The former Bangor Hydro Electric Facility was renovated to become the East Machias Aquatic Research Cener—headquarters for the grassroots DSF—and the original plan was to build a fairly standard hatchery on-site to pursue the organization’s mission to restore Atlantic salmon to Maine.
“We planned to stock salmon fry, which is what we do on the Pleasant River, but while we were at the planning stage we started talking to Orri Vigfússon and Peter Gray about the River Tyne and the successes they had there,” said Dwayne Shaw, executive director of the DSF.
“Peter’s philosophy was that our hatchery efforts here in America have failed to recover salmon stocks be- cause we’ve been producing inferior fish,” said Shaw. “He believed we needed to produce ‘little athletes’ with a superior ability to survive, grow, navigate the North Atlantic, and return as healthy adults.”
“We work with a lot of great people in the United States and have many supporters there,” said Vigfússon. “I have been looking to do a project there for many years but I needed the right methodology and I needed the right river to get started. Chad Pike is a great supporter of the NASF and has followed the success of the River Tyne for many years, so when I raised the idea of using the same techniques in Maine, he was enthusiastic.”
“I have been fortunate to experience the pristine rivers of Iceland and Norway where nature is still working properly, as well as rivers like the Tyne in the U.K. where nature needed a boost,” said Pike. “When Orri showed we could take these techniques to my home waters in New England, it got me excited to fund what can hopefully become a prototype for further restoration of what were once prolific salmon runs in Maine waters. It is high risk, but it could be very high reward.”
Officially, NASF sponsored the construction ($300,000) and the operation ($150,000 annually) of the Peter Gray Memorial Hatchery, but Pike’s family Grassy Creek Foundation is one of NASF’s major donors, and he earmarked some of his donation specifically for the project. It’s the first time NASF has been involved in a boots-on- the-ground project in America.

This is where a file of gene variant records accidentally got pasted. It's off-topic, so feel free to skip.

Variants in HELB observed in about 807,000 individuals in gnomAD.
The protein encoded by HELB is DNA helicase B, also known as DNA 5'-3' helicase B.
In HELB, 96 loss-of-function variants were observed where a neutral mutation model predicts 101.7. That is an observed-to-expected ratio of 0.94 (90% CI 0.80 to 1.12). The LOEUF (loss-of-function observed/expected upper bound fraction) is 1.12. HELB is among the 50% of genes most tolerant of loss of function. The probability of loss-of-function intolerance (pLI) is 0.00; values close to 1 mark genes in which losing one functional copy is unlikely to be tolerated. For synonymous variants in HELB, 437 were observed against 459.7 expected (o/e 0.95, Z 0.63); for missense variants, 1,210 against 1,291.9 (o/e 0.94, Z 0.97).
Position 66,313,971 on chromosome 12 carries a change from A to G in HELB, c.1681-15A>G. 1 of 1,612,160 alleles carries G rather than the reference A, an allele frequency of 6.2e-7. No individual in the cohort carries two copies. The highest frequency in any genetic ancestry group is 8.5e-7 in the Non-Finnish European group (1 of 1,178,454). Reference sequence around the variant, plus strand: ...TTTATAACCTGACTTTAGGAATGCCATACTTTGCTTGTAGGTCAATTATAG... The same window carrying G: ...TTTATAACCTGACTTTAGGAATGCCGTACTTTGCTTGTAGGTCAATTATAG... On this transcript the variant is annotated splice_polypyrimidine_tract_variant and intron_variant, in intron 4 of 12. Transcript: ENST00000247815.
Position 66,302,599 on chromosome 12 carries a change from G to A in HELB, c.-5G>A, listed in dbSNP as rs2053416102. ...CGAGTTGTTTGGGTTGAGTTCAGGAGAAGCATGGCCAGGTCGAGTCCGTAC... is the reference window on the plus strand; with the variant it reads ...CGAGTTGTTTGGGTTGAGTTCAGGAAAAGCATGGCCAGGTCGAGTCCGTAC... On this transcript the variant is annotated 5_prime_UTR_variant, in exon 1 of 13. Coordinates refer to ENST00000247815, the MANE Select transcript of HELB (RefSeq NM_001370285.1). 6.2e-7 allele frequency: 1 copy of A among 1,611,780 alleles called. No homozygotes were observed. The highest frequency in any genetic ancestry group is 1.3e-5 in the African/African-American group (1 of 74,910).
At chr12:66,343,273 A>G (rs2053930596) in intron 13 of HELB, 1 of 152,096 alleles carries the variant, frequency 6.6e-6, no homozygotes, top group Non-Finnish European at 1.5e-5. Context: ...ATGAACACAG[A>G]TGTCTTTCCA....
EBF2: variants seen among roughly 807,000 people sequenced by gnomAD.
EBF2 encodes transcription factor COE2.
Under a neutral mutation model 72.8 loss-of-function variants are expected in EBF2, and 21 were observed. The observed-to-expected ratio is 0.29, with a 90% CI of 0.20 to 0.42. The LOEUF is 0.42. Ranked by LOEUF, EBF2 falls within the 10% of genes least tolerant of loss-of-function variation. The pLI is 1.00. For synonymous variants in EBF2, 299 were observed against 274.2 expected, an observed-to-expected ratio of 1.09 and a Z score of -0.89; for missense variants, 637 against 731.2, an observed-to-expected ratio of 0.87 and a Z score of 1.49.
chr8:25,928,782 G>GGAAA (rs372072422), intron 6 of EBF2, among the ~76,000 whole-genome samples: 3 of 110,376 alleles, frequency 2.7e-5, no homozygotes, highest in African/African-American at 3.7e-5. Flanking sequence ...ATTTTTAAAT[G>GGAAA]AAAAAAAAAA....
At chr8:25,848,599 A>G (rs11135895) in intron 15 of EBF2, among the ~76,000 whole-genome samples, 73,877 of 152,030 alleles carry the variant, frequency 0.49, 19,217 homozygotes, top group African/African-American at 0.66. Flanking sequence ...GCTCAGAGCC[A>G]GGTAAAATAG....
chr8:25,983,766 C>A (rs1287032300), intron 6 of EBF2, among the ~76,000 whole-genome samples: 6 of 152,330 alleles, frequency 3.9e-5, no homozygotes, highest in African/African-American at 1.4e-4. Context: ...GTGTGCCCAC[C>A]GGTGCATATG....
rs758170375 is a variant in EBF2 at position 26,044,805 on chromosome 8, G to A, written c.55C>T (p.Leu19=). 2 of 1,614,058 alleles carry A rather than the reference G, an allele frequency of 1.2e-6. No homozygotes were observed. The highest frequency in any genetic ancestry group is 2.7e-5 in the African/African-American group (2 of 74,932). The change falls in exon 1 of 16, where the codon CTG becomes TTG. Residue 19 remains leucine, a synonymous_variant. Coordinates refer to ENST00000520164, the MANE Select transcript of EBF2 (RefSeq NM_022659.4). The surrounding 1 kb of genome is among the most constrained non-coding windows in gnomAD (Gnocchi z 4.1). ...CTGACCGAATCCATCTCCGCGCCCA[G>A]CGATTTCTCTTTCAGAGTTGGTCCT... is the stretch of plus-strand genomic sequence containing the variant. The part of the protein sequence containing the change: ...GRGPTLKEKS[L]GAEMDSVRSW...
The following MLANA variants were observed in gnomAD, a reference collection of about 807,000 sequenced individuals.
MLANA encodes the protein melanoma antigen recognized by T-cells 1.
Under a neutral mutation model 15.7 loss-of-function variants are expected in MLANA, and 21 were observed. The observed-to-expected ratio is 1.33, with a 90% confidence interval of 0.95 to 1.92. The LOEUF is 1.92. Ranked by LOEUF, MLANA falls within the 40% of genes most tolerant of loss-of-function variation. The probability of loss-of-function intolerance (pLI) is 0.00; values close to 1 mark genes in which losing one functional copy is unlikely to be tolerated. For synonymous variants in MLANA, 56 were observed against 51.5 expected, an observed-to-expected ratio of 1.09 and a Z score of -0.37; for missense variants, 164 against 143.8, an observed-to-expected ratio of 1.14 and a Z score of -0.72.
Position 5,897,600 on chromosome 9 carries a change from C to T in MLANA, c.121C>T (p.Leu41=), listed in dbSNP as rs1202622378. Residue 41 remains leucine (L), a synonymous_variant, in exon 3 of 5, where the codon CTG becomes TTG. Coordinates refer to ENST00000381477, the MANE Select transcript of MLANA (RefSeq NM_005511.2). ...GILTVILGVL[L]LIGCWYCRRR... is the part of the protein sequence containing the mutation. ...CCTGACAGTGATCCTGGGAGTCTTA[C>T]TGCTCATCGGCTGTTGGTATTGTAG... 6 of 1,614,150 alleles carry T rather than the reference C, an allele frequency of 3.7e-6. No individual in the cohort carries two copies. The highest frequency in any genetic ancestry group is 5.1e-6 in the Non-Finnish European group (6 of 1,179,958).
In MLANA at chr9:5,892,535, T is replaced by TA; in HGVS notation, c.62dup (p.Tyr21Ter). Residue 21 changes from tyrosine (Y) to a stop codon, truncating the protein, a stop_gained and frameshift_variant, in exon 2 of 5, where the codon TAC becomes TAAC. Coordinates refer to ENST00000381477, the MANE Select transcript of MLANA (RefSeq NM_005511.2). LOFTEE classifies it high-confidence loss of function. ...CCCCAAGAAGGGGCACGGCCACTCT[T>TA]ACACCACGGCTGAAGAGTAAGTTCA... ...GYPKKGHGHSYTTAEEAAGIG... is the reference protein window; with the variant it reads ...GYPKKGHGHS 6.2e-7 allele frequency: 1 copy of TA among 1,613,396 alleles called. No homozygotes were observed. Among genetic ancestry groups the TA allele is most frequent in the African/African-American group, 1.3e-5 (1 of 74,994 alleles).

Peter Gray passed away suddenly in 2012—the same year that first batch of 80,000 eggs were hatched at the facility that now bears his name. Hanging on the wall of the facility just above the feeding tanks is a wooden plaque that says merely “raising athletes.” The newly hatched eggs went straight into incubation boxes designed by Peter Gray. The Kielder substrate incubator isn’t just a bare box of aerated water, it contains artificial gravel that simulates the habitat that would nurture the al- evins in the wild.
“Peter’s box allows the individual fish to swim out when they want, and when they are ready, rather than when the hatchery manager visually determines they are ready and dumps them all into the feeding tank,” says Shaw. “That one step in the process produc- es much healthier fish going into the next stage.”
It takes four to six weeks in the incubator for the alevins to dissolve their yolk. In the wild, when the yolk is gone the alevins swim up out of the river cobble just when the insect life is developing to feed them.
The newly built Peter Gray Hatchery is a flow-through streamside hatchery—just like the Kielder Hatchery on the Tyne. “Our water is not coming out of a well or pond like so many other hatcheries, it’s coming from the East Machias River so we are relying on 10,000 years of evolutionary connection between the fish and their river to raise wild fish and preserve their genetic legacy,” says Shaw. “We don’t filter the water so there are insects and other and natural variations in water chemistry and temperature coming into the feeding tanks—the hatchery is essentially an extension of the river.”
In most hatcheries the feeding tanks are painted blue to make observation easier for hatchery employees. However, Gray found that observation is an anathema to salmon fry, and in order to hide, they all gathered where the water source entered the tank, using rippled water as cover. That competition for extremely limited space causes excessive fin biting that kills some fry, and leaves the rest with damaged fins that hinder their long-term ability to survive in the wild.